But, again, I also knew that writing about their reading would help them. I knew it would help them to do literary analysis further along in school. I knew it would help them to push their thinking about their reading as they were forced to wrestle with ideas in writing. I knew it would help them to learn how to support their claims with text support. I knew that it would help them to learn how to write about reading in a way that they will be asked to do on standardized assessments that are an unfortunate reality in our world. And, most importantly, I knew that it would help me to more accurately assess what my students were learning how to do as readers and it would give me the concrete evidence that I needed in order to share with others what each student was able to do.

So that is when I realized that I did not need to make up some greater purpose for the writing about reading that I was asking my students to do. Instead, I needed to be honest with them. I needed to be transparent. And so now, I am clear from the very beginning that every three-four weeks, I will ask my students to complete a piece of writing about their reading and their reading goals. They will be asked to write about one reading goal and the thinking they have done in connection with that goal. When they write, they might be in the middle of the book they will write about or it might be a book that they have already finished. But I am very clear on why they are writing. This is NOT writing that is for an authentic audience that exists beyond our classroom. This is writing that is being done in order to push their own thinking as readers by asking them to look back on the notes that they have taken while reading and reflect on what those notes have helped them to better understand. AND this is writing that is for me. This is their assessment. Their writing provides me with evidence of what they have learned how to do as readers and that is evidence that I need in order to know what they have learned, where they are ready to go and how to share that information through report cards and with their families and other teachers. It seems that when my students are able to clearly understand why they are doing this kind of writing, then they are much more willing to do it without complaining.

So after my students have their reading goals up and running, I then share with them an example of my own writing, using the notes that I have taken as I read. Every year, I make sure to write a new piece of writing about my own reading so that they can see that this is work I am doing as well. This year, I was reading the beautiful book, My Jasper June while I took notes connected to my own reading goal and then used those notes to write about my goal and what it helped me to understand.  Here are what my notes looked like:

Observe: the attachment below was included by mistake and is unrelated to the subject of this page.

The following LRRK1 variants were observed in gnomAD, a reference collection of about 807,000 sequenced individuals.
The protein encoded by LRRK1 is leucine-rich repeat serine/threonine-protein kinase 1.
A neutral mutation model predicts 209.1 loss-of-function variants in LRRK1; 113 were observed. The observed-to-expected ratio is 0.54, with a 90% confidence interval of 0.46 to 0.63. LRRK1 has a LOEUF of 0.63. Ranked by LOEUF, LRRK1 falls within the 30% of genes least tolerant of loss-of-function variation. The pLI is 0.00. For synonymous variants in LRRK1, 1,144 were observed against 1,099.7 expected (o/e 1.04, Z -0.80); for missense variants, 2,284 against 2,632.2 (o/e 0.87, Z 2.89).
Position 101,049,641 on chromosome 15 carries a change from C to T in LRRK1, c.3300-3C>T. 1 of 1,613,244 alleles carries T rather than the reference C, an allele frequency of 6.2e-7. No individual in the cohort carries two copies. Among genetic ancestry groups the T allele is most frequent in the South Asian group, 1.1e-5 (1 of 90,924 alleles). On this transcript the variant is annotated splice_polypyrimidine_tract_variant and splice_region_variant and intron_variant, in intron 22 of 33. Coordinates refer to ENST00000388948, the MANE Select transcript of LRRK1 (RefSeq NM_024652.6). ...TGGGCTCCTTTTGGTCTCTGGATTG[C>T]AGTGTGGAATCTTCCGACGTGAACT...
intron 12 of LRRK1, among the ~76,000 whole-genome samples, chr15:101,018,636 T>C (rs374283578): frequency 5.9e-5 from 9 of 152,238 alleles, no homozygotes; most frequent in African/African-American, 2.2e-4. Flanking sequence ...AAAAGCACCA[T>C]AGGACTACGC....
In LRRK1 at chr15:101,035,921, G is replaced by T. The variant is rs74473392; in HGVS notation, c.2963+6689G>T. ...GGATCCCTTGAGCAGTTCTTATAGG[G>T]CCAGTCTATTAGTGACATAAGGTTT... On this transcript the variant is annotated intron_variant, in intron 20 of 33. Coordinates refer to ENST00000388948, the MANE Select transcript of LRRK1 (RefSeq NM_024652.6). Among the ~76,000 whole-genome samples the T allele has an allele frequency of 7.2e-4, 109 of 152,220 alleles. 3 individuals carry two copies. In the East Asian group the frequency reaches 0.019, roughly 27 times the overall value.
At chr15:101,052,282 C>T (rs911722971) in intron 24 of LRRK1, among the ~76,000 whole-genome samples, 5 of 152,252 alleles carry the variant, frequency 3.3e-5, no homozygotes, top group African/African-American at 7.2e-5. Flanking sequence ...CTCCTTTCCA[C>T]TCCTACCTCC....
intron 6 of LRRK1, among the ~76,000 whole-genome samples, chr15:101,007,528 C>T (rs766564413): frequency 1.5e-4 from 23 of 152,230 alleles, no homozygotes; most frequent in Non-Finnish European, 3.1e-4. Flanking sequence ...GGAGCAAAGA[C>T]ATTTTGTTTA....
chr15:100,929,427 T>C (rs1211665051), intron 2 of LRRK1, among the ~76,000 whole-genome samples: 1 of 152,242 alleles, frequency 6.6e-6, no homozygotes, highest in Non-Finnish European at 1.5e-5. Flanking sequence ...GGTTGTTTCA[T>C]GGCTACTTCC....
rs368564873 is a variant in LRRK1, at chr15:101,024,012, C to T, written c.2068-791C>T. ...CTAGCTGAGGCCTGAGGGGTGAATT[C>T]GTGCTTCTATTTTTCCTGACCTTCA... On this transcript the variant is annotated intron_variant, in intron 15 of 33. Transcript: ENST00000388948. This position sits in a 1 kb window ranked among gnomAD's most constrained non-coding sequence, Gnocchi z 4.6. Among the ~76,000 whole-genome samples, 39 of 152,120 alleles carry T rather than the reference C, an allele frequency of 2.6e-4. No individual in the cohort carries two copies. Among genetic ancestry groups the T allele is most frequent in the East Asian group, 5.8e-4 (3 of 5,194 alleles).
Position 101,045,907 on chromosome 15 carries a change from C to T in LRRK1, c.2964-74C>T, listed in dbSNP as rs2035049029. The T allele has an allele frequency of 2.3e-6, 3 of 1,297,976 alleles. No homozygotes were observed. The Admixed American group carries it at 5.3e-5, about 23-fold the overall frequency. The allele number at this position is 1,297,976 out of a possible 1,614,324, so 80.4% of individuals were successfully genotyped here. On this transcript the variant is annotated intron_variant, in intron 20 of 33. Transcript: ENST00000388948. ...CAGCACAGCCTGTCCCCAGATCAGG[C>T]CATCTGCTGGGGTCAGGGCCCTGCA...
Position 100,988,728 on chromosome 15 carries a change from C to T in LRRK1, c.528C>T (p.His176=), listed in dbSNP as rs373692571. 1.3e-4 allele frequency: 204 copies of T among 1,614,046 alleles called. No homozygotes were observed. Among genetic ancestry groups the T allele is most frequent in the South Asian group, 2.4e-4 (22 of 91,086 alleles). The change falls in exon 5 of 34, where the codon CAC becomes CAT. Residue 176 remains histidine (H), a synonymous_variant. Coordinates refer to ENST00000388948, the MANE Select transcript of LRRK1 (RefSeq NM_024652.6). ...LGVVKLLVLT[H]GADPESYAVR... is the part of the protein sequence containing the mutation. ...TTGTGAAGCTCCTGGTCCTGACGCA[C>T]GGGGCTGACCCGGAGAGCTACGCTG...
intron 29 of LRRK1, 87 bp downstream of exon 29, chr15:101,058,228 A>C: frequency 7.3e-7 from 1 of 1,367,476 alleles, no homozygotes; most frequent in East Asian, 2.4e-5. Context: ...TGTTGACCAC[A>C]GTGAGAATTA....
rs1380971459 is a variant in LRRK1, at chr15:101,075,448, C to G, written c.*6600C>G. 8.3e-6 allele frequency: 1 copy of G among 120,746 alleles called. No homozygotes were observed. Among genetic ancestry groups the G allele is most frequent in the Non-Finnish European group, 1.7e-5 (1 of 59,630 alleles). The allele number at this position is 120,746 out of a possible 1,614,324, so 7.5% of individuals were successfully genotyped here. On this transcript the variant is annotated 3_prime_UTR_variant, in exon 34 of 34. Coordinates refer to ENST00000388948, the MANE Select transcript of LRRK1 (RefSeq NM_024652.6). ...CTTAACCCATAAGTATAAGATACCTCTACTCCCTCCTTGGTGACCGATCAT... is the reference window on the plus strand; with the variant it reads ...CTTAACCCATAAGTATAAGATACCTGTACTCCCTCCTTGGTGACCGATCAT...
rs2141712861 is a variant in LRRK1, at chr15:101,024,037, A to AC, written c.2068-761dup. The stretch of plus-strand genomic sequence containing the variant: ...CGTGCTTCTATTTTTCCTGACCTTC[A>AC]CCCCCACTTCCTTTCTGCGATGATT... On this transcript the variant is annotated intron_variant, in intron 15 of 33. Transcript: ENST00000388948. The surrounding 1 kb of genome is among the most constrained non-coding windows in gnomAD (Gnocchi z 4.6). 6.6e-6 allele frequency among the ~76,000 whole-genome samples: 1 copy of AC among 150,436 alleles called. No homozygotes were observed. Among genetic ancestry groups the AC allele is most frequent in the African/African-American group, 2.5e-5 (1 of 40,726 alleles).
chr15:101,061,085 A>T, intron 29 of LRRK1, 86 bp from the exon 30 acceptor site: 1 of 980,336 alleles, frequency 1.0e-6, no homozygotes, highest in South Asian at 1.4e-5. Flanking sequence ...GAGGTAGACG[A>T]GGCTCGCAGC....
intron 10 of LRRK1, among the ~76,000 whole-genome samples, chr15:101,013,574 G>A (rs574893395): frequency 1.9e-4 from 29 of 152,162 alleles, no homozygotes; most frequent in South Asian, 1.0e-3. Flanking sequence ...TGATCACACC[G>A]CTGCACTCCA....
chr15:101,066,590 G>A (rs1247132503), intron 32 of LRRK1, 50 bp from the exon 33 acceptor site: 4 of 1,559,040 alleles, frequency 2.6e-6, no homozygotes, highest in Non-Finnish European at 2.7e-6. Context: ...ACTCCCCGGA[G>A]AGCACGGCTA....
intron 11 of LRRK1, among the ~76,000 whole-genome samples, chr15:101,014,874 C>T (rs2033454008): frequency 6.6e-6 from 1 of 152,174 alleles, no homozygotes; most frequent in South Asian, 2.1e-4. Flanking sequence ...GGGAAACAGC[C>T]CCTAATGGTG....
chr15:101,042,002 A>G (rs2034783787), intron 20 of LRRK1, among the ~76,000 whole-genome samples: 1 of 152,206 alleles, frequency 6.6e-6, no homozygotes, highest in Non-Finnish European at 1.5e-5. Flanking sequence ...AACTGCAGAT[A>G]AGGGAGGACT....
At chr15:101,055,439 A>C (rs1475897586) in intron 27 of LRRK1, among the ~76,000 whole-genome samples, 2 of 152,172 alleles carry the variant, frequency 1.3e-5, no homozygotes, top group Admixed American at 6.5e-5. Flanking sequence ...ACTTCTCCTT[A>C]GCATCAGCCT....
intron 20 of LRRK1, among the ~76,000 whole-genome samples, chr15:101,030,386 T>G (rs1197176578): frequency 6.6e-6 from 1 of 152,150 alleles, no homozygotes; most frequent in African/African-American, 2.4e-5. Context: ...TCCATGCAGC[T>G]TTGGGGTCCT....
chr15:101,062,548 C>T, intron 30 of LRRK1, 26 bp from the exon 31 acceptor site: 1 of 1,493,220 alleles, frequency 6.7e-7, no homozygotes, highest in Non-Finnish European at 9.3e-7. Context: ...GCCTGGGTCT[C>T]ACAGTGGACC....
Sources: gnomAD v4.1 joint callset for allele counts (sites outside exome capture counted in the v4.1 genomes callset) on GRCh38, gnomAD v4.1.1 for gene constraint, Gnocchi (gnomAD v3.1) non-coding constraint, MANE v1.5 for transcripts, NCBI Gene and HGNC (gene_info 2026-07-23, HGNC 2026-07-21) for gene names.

I then shared with my students how I took those notes and wrote about them in a way that pushed my thinking.  If you are interested, HERE IS THE WRITING ABOUT READING THAT I DID AND SHARED WITH MY STUDENTS. 

After reading this piece of writing together, as a class, we think about what was included in this piece of writing. I chart our ideas and then create a checklist that shares the major parts of a reading blog post. Each year, the checklist looks fairly similar.

After that, I introduce the rubric that I use in order to assess their pieces of writing. Each year, I have one rubric that I use for the first part of the year with my fifth graders and then midway through the year, I increase the expectations and create a second version of the rubric to use for the second part of the year. This is because I always see such tremendous growth in my students’ writing that before too long, many students are exceeding the first set of expectations.

Here are the two rubrics (and checklists) that I use with my fifth graders:



Each year, I make adjustments to the wording of this rubric. What I love about creating my own rubric, as opposed to using an assessment tool created to go along with a program or purchased set of resources, is that I can make whatever adjustments feel necessary in order for the rubric to really be a tool that guides my students’ thinking and learning. I am not held back by the specific lessons that are included in a purchased program or the language that is attached to whoever is making money off of me using their rubric. Instead, I can really think about what I want my students to be able to do and adjust the language on the rubric to help guide them there.

Included at each level of the rubric is a link to a student-written example of writing about reading at that level. I know that kids are often overwhelmed when I share my own writing about reading, so I have found that it is helpful for the kids to be able to see what a student-written example looks like at each level of the rubric. I am surprised, year after year, how often the kids open these examples and use them as mentor texts while they craft their own writing about reading.

As I said, I ask the students to complete a piece of writing about reading every three-four weeks. This provides them enough time to develop their thinking across a text between their pieces of writing. Some students will finish two or three books in this time and will write about the goal that led them to the most thinking. Other kids, will be in the same book across two assigned pieces of writing about reading. Those students will write about the same book two different times and will even sometimes still have the same reading goal. What will change, however, are the examples that they share and the reflection that they are able to do when they look back at those examples and write about what they were able to better understand.